From: Andreas Huber (ah2003_at_[hidden])
Date: 2004-05-29 03:16:12
David Abrahams wrote:
> "Andreas Huber" <ah2003_at_[hidden]> writes:
>> A1. When a state machine object is destructed, the modeled state
>> machine must also be terminated (i.e. the destructor of the state
>> machine unconditionally terminates the state machine before
>> returning to the client).
> I've got a problem with that assumption. It seems to be an
> association made because of a conflation of C++'s notions of
> termination with the UML standard's use of the word "terminate" to
> denote something unrelated, at least as you described it in snipped
I suspected that we will disagree on this.
>> A2. If an exit action fails, the state associated with the exit
>> action has not been left.
> I'm fine with that assumption. In fact, that seems provable.
Yes, I realized that after posting. F1 provides strong arguments for A2.
>> Moreover, one could also question whether the UML standard should
>> have any bearing for an FSM library that implements behavior that is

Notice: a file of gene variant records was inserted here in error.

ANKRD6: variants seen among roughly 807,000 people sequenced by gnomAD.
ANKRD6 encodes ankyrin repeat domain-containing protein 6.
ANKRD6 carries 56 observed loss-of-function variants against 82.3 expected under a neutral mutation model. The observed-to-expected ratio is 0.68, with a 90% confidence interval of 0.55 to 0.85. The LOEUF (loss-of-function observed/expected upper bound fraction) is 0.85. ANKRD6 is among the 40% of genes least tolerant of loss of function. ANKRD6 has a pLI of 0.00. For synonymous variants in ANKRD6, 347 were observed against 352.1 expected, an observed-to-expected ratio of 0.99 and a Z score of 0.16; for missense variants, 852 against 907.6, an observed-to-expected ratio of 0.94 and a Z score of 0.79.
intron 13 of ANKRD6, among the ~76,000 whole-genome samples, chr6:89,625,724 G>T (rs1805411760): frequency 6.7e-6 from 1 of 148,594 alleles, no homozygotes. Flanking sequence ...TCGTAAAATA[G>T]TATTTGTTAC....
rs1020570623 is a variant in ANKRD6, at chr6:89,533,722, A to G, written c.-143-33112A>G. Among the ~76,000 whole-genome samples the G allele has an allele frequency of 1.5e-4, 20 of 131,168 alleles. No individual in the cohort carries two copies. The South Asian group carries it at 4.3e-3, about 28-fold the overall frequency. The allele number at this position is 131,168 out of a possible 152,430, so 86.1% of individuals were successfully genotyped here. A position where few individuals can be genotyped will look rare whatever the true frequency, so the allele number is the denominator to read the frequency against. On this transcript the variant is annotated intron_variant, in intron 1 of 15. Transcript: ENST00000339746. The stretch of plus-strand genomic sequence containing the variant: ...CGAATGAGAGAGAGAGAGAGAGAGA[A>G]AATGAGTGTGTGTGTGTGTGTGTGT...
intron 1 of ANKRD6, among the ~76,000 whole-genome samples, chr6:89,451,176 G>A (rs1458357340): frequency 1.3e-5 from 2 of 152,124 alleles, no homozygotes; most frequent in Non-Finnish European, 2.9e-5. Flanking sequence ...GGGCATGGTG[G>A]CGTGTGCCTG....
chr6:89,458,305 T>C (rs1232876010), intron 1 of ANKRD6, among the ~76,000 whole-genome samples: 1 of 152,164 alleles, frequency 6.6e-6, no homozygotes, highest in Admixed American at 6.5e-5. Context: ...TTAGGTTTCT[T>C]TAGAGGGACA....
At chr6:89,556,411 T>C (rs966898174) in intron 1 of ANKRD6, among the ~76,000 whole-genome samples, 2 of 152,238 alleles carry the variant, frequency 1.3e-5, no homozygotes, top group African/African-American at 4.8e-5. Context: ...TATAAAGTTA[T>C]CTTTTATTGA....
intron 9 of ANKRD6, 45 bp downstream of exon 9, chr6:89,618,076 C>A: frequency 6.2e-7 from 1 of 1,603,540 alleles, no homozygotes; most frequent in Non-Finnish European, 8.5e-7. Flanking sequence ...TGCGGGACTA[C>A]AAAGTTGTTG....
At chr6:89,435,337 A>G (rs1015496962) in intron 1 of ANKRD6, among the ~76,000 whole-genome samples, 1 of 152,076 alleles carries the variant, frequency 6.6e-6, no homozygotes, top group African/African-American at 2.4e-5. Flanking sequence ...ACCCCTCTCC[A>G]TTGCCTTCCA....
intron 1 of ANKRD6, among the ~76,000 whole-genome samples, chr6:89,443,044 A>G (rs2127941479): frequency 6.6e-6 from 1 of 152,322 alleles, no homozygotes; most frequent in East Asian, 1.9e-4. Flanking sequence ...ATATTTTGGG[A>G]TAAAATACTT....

>> not covered in the standard (i.e. exit action failures). I see
>> failing exit actions as an addition or enhancement to the behavior
>> defined in the standard. If such an enhancement breaks the behavior
>> defined in the standard, I think the enhancement should be rejected.
> Another thing I should mention: the finite state machine abstraction
> was around long before UML and will stay around long after UML has
> crumbled to dust because of its overbearing weight and its OO
> orthodoxy <wink>.
> Actually I think that UML _state charts_ seem like
> a pretty good representation, but I'm not sure that I would want to
> read the UML spec like a bible when approaching the project of
> building a C++ state machine framework.
I'm reading it like a bible only when it helps to argue my case ;-).
Otherwise boost::fsm takes many (hopefully undisputed) diversions from the
UML standard (see http://tinyurl.com/33vht, UML to boost::fsm mapping
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